Institutions self-identifying as social justice advocates are expected to perform social justice roles through their disciplines, policies, and actions (Feldman, 2008). Applying Tania Mitchell’s critical service learning framework (2008), this study examines (mis)alignments between service learning handbooks and their respective institutional mission statements. The first phase was a critical discourse analysis of the service learning handbooks to measure expressions of reciprocity. The second phase was a content analysis of the corresponding institutional mission statements to analyze conceptions of community engagement, social justice, etc. Findings reveal how institutions frame handbooks, considers how that framing undermines reciprocity, and analyzes how universities practice what they preach by evaluating perception and performance. Readers can expect to question how to conduct ethical community work without universities modeling ethical behavior.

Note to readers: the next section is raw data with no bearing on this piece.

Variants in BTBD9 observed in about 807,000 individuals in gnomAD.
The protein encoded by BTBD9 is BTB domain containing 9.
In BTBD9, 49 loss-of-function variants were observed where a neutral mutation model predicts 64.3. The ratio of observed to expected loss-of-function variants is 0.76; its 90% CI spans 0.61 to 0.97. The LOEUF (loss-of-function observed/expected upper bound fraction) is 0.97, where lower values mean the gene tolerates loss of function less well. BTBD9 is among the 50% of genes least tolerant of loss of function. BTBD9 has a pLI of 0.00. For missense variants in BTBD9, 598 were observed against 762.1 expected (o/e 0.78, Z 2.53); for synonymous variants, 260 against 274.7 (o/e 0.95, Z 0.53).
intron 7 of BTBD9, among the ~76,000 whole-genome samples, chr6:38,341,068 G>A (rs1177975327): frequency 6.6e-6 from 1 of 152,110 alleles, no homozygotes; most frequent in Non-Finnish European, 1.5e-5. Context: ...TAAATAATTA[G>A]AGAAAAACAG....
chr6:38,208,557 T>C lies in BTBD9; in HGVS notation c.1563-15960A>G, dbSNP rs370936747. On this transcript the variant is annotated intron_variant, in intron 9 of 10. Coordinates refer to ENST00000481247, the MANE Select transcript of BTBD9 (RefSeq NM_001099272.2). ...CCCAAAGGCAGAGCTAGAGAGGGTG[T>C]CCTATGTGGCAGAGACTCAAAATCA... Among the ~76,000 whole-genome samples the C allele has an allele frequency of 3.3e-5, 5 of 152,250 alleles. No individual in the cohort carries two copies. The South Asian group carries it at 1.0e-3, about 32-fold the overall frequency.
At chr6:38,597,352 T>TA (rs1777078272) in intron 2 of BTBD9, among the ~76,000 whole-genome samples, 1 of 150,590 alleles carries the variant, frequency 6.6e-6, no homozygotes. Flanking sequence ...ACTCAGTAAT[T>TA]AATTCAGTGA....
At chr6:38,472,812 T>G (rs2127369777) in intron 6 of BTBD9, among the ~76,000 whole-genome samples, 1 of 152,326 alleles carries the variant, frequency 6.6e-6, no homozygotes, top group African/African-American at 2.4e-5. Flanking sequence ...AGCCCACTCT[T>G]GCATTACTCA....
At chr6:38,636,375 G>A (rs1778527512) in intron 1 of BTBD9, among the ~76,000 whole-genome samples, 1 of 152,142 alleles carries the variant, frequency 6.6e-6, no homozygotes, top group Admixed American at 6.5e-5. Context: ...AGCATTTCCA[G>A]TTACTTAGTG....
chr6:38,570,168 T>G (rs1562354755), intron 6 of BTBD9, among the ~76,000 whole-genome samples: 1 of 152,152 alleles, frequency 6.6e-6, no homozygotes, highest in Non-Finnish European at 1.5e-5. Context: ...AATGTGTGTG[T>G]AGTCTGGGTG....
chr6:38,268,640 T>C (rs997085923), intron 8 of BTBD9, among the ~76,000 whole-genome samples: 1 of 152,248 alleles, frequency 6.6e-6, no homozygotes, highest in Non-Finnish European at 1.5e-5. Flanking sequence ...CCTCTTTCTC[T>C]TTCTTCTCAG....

Iglesias, Charisse S.
"(Mis)Alignments Between Institutional Mission Statements and Service Learning Handbooks,"
Academic Labor: Research and Artistry: Vol. 3, Article 7.
Available at: https://digitalcommons.humboldt.edu/alra/vol3/iss1/7